Parents: How To Support Independent Study During Term Time

If your child is studying their GCSE, IGCSE or A Level courses, the skill of independent study will prove essential.

You might think that as a parent, you have no role to play in this skill development: however, that is far from the case.

There are a multitude of ways in which you can help your child to become a robust, confident and creative independent learner – setting them up for success in their exams and, eventually, at university

Read on to explore the advice from the Save My Exams education experts. 

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 What is independent study and why is it useful?

There are many ways of defining independent study, but the key characteristics are: 

  • Deciding what to study and when
  • Knowing how to find and access information and resources
  • Allocating time efficiently to different tasks 
  • Maintaining focus on a task without the presence of a teacher or other adult 

In the upper-secondary school environment, where students are expected to complete significant amounts of work outside of the classroom, their productivity will depend on their independent learning skills. 

By the time they reach university, the vast majority of studying will have to be carried out independently – including researching, writing essays, preparing for exams and delivering projects.

Why now is the perfect time to develop the habit

Owing to the disruption of the pandemic over the past year and a half, most teenagers will have had some experience of learning from home without their teacher’s supervision. 

This means that they will have some idea of the challenges which the task presents – including wavering motivation, a need to problem-solve alone, and an ability to self-direct a daily schedule. 

Studying for exams will require a similar level of independent study, so it’s essential for students to build on and develop their independent learning habits now, ahead of any major exams on the horizon!

What should your role be?

It’s important that parents don’t try to micromanage their teen’s journey towards mastering independent learning.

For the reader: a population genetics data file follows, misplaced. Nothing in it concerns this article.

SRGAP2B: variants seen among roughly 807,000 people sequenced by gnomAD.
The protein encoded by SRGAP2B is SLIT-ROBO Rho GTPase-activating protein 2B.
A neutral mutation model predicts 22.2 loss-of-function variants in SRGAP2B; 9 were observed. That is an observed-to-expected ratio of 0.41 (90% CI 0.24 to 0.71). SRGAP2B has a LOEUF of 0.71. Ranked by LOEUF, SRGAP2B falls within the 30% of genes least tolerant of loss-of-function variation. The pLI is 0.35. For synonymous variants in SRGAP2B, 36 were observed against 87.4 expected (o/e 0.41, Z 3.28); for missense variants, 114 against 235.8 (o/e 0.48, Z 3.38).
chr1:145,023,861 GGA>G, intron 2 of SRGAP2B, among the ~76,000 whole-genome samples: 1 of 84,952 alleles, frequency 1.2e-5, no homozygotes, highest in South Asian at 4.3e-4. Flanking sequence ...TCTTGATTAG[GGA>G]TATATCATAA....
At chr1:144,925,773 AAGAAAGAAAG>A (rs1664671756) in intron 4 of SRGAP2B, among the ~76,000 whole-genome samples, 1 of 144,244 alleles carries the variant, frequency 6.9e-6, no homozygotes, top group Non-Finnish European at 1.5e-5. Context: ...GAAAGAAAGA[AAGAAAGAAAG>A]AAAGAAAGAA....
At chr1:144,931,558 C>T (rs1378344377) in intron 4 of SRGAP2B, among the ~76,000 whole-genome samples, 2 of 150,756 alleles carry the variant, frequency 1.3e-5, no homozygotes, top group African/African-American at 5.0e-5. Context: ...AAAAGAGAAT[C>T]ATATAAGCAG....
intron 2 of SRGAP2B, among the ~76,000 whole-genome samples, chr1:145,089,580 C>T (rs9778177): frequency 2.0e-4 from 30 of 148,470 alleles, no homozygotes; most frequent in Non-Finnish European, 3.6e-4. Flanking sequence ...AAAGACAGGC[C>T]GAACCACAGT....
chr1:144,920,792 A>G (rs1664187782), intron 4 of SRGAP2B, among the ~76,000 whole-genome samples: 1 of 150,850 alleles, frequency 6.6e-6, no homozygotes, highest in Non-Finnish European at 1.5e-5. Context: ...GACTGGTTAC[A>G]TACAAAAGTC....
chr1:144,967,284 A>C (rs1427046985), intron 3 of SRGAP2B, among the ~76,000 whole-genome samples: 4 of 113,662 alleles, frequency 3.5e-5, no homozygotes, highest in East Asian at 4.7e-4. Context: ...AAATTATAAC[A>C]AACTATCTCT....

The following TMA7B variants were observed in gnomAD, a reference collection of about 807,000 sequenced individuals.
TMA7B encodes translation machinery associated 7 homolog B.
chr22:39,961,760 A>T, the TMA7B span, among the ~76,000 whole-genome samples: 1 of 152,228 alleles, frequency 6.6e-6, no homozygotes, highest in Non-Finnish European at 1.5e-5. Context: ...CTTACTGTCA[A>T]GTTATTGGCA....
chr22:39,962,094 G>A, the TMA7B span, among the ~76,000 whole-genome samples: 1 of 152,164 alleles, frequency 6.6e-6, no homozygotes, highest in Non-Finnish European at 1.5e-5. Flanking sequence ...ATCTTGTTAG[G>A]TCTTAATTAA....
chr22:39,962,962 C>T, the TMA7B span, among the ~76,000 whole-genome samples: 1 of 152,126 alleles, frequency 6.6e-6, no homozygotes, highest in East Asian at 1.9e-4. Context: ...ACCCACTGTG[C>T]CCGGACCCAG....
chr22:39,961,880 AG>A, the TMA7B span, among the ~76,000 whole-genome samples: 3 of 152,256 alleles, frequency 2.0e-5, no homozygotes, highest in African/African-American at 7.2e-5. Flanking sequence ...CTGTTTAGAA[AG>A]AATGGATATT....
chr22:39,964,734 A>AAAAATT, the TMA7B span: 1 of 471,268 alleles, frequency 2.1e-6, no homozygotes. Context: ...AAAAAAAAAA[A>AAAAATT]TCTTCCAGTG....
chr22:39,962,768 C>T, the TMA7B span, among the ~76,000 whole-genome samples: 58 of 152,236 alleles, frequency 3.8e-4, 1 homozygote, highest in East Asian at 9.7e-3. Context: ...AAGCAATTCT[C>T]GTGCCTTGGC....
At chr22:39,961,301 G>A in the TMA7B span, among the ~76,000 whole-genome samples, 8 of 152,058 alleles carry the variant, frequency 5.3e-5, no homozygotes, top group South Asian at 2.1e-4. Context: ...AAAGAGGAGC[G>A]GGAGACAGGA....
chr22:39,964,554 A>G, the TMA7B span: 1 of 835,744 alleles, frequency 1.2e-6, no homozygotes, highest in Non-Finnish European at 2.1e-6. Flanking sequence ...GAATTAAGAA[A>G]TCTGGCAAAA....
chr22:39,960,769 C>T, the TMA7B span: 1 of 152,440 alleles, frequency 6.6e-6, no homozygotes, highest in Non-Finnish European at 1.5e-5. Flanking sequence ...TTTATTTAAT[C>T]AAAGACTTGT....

Your main roles are to facilitate and to motivate. So how does this work?


This means providing the resources which your child can use for their independent study. For example, helping them to choose a laptop, creating a quiet space for them in the house, or signing them up for the local library. 

You may even want to subscribe your child to an online learning platform like Save My Exams. Doing this will give some the peace of mind that they have access to the very best teacher-created revision notes, study guides, Topic Questions and exam Past Papers, whenever and wherever they need them. 


To motivate your child, offer plenty of positive praise and encouragement. For example, you could say “You’ve been so focused this afternoon on your Maths homework, I’m really impressed with your mature attitude to learning – keep it up!”. 

You could also lead by example, using phrases like “I’m feeling confused about one of my work tasks today, so I’m going to use the internet to research the topic in more detail”. 

Organising fun activities for the weekend could also help to motivate your child to focus on their schoolwork during the week. 

Providing a forum

Another way in which parents can show support and encouragement to their teens is to be interested in their learning. This teaches them that it is something which is important, valuable, and that should be prioritised

Ask your teens about what they’re studying and what interests them. This will help them articulate their opinions in an informal environment. It’s helpful in promoting further research and learning, as well as forcing them to organise their thoughts.

You don’t need to be an expert yourself: the key here is to get them to talk to you about what they know, prompting discussion or debate.

Having to explain something is often the best way of understanding it. Make sure they know this isn’t a test!

Build up your own knowledge

If you want to be able to have more rewarding conversations with your teen, consider refreshing or building your own knowledge too. Save My Exams has got plenty of  useful study resources which parents can use to enable more informed discussions, or alternatively you could contact your child’s teachers for advice on further reading. 

Finally, consider getting in touch with your child’s teachers or Head of Year from time to time, so you can find out if there are any particular areas in which they need further support. Check that your teen is happy for you to do this first though – communication is key!

With this guide as your starting point, you should feel well equipped to promote self-directed learning. Remember that patience is important – this isn’t a skill which will appear overnight, it requires time and effort!

If you’re looking for further study advice, check out our blog.

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